Transit and amenity upgrades – everything from purchasing refurbished MET Transit buses to installing smart phone apps to reassure riders their bus is on the way – may be in the works for residents who take more than a half-million bus and paratransit rides annually, journeying nearly 800,000 miles along Billings streets.
The future of the city’s public transportation system is on the agenda for Monday’s Billings City Council work session, which begins at 5:30 p.m. in council chambers at City Hall, 220 N. 27th St.
According to material in the council’s Friday packet, 17 coaches are needed to update MET Transit’s aging fleet. Seventeen new coaches would cost $7.65 million, while refurbishing as many buses carries a $4.42 million price tag.
During the last four years, bus parts and coach repairs have averaged about $300,000 annually.
MET Transit ran an $815,000 deficit in 2015, but revenues have exceeded expenditures by about $500,000 during each of the past two years.
For between $500,000 and $1 million, MET Transit could add four technology features: auto pay or e-pay, e-ticket reading technology, a passenger counter device, and an automatic vehicle locator or bus locator app.
MET Transit officials are considering offering bus service on a trial basis to Billings Logan International Airport, delaying fare rate increases and implementing the bus locator app/automatic vehicle locator.
They plan to replace three or four aging coaches with refurbished buses, then evaluate what effect that has on repair bills, among other possible costs. Officials said they’ll continue working on building reserves by seeking new revenues and monitoring expenses.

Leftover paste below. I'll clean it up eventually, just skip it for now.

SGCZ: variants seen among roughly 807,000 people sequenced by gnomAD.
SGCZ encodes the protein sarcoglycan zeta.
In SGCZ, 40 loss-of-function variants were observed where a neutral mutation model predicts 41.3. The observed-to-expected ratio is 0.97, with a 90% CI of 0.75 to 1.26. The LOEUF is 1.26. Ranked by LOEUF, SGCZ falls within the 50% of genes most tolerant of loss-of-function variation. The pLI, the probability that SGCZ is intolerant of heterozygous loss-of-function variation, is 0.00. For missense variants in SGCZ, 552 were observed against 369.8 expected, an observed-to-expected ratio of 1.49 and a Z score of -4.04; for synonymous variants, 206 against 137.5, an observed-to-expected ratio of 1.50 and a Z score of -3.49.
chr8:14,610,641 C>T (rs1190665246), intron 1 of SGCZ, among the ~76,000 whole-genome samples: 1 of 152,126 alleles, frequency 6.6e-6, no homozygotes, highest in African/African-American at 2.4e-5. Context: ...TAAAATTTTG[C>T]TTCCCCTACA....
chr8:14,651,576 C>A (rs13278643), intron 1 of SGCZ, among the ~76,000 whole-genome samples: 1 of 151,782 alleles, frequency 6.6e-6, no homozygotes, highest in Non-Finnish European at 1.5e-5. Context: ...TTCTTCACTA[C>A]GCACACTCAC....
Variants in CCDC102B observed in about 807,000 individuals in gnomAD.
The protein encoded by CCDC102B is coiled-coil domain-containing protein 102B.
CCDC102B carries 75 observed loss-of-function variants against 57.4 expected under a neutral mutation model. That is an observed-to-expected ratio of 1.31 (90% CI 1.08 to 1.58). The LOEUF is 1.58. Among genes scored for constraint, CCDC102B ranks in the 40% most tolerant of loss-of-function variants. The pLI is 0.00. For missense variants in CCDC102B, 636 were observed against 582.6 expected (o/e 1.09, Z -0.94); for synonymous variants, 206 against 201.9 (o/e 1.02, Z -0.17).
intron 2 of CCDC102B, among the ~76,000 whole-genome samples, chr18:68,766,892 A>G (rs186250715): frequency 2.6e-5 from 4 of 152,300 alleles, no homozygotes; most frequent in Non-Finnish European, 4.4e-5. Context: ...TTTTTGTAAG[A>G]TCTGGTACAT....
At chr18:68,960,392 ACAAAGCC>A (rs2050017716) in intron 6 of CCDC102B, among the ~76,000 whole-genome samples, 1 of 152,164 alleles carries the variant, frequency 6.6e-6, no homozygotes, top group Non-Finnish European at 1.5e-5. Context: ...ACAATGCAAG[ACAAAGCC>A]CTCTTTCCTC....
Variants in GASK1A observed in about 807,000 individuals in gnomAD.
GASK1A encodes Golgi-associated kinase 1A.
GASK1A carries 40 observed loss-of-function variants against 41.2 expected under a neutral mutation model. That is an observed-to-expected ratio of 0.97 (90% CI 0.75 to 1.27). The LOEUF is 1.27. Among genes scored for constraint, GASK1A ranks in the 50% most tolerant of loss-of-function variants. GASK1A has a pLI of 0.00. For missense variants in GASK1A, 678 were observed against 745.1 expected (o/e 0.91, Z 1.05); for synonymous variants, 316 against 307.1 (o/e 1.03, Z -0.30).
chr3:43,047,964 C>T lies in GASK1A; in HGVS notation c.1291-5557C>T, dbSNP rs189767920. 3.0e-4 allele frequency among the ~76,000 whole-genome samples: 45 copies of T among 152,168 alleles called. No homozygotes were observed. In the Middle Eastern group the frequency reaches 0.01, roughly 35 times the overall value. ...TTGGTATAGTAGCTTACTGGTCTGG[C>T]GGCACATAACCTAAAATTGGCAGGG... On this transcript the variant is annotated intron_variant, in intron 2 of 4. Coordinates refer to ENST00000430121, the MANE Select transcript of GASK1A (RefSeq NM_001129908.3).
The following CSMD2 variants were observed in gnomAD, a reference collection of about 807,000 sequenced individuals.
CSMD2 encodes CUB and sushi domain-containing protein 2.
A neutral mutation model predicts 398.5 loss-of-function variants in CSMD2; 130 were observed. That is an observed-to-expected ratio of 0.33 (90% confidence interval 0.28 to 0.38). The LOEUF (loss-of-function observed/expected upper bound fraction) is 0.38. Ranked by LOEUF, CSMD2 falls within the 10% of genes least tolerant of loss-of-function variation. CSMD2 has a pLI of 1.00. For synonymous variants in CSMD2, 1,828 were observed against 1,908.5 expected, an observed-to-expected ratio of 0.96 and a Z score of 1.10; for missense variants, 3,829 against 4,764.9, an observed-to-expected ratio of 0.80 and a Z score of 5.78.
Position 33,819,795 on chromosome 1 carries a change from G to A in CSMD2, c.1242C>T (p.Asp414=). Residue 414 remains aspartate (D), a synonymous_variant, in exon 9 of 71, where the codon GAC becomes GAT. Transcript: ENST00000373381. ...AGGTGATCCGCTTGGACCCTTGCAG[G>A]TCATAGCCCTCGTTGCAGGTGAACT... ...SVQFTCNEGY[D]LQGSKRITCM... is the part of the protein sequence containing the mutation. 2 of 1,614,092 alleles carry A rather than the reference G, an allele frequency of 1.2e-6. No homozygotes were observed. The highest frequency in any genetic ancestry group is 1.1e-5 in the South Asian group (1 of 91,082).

For the time being, they aren’t considering asking the council to ask voters for a mill levy increase, but additional mill levies may be required in the near future.
Draft Capital Improvement Plan
Over the next five years, 152 projects worth more than $402 million are planned.
Once again, the 71 public works projects worth nearly $232 million top the field. Led by a new airport terminal, aviation and transit projects are the second-largest category – 35 projects at nearly $88 million.
78 projects that will cost more than $68 million are in the plan for the 2018-19 fiscal year.
The council is scheduled to act on the five-year plan during its March 26 business meeting.
The 2018-19 equipment replacement plan includes 62 items worth about $8.5 million. That cost is scheduled to rise to about $14.1 million during 2019-20 before settling down to about $8 million each in both FY 2021 and 2022. The next year, 2022-23, the plan is for equipment expenditures to once again jump, to $14.4 million.
Other topics, including an update on interim work going on at the Montana Legislature, a response to One Big Sky Center term sheets and discussion on a proposed franchise contract with Bresnan Communications, are also on the agenda. Material on those discussion items was not included in the Friday packet.